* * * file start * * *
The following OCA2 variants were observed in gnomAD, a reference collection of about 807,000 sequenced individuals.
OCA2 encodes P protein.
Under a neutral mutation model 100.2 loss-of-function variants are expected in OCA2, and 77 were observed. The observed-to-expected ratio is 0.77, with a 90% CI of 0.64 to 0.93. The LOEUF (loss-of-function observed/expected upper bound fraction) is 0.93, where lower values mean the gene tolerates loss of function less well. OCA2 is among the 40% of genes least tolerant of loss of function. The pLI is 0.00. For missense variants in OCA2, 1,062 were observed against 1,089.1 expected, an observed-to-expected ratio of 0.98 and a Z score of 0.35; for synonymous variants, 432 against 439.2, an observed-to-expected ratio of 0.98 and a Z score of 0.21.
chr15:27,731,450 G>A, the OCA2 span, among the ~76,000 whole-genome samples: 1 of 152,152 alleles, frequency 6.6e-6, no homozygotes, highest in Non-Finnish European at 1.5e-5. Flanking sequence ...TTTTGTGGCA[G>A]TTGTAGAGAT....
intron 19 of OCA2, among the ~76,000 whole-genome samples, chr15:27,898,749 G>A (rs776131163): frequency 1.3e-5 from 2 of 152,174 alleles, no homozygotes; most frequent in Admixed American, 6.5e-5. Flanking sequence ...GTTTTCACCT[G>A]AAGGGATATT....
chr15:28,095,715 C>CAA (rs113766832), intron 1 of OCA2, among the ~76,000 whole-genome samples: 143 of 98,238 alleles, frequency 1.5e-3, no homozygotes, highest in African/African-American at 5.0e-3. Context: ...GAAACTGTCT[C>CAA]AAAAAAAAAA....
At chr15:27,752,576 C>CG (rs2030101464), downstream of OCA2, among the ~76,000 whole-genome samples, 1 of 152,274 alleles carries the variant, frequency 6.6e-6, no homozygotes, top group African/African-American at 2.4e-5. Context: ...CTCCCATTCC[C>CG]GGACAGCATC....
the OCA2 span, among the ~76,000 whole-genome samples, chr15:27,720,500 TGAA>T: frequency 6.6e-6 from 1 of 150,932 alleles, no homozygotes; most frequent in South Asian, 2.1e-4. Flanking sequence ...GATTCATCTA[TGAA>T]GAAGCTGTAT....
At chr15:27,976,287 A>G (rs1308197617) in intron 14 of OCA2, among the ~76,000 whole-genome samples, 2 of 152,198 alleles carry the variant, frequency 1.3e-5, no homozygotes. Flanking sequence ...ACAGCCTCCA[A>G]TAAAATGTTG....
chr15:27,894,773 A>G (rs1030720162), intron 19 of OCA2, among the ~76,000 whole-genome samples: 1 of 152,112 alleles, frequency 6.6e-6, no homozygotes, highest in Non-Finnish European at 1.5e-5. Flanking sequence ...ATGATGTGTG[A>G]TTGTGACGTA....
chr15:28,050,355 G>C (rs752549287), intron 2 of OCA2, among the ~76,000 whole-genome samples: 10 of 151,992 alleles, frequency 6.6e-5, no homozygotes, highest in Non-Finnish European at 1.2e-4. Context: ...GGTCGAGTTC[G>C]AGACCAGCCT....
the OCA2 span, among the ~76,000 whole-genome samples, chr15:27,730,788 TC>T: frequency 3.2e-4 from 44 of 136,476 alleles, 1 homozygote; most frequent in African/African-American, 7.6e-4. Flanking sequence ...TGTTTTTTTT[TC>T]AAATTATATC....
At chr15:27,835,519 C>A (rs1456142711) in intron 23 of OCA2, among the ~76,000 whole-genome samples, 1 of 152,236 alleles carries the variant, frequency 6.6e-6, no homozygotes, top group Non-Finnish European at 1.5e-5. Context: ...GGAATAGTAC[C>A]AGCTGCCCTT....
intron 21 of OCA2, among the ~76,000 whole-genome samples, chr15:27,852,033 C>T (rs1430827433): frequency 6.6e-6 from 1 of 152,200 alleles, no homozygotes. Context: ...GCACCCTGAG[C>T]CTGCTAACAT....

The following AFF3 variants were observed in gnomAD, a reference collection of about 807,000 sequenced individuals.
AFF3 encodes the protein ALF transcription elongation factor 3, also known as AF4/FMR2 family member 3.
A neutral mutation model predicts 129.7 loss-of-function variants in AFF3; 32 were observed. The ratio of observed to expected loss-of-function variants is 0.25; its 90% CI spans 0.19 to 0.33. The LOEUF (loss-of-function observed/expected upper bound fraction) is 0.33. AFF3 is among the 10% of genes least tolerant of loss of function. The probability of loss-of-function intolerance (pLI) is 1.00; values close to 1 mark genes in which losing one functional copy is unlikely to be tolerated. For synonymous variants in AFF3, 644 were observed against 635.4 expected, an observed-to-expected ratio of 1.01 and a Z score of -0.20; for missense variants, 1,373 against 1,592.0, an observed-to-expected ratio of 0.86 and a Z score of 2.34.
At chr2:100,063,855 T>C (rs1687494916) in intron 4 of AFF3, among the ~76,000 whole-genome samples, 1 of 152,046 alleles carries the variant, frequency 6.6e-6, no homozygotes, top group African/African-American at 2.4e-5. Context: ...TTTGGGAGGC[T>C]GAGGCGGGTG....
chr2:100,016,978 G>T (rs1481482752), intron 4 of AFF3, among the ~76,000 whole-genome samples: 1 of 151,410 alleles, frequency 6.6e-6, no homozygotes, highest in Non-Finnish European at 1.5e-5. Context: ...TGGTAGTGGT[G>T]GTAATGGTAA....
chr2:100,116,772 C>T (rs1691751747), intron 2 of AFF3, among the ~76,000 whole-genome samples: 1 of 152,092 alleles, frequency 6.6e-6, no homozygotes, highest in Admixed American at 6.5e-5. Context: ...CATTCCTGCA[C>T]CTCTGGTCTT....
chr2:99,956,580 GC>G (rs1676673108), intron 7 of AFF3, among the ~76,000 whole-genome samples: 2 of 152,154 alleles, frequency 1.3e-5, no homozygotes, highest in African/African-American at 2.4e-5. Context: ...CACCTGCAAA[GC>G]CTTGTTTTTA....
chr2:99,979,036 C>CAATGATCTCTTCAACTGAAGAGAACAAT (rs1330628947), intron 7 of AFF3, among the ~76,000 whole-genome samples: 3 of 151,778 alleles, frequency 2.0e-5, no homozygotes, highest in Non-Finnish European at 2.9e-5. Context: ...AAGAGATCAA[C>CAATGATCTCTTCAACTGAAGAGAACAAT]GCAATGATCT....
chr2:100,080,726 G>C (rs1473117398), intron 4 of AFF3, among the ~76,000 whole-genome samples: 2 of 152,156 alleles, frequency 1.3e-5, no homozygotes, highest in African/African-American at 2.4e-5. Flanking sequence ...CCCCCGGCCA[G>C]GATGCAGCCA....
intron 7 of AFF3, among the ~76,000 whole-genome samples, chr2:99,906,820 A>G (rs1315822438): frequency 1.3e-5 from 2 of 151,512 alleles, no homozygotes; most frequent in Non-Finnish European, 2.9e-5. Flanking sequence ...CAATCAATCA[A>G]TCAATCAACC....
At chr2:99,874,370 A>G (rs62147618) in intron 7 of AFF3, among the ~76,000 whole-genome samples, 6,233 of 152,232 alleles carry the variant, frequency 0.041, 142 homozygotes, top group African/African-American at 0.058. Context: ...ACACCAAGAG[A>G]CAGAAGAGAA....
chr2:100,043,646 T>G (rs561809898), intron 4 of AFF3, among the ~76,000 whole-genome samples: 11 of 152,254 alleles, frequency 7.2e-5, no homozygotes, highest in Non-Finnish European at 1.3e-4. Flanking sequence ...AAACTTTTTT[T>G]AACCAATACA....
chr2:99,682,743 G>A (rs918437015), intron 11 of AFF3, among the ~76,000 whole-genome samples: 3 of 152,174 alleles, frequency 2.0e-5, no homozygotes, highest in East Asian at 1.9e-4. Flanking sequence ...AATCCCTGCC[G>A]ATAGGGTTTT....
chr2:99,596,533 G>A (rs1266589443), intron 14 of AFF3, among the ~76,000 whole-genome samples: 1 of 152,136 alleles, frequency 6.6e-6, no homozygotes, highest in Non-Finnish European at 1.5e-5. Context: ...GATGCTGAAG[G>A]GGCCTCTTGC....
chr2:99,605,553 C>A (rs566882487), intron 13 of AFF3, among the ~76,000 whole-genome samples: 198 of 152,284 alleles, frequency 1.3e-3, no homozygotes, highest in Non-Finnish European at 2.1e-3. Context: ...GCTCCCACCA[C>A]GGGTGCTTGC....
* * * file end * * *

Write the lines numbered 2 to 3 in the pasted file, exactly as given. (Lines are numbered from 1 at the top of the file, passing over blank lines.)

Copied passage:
OCA2 encodes P protein.
Under a neutral mutation model 100.2 loss-of-function variants are expected in OCA2, and 77 were observed. The observed-to-expected ratio is 0.77, with a 90% CI of 0.64 to 0.93. The LOEUF (loss-of-function observed/expected upper bound fraction) is 0.93, where lower values mean the gene tolerates loss of function less well. OCA2 is among the 40% of genes least tolerant of loss of function. The pLI is 0.00. For missense variants in OCA2, 1,062 were observed against 1,089.1 expected, an observed-to-expected ratio of 0.98 and a Z score of 0.35; for synonymous variants, 432 against 439.2, an observed-to-expected ratio of 0.98 and a Z score of 0.21.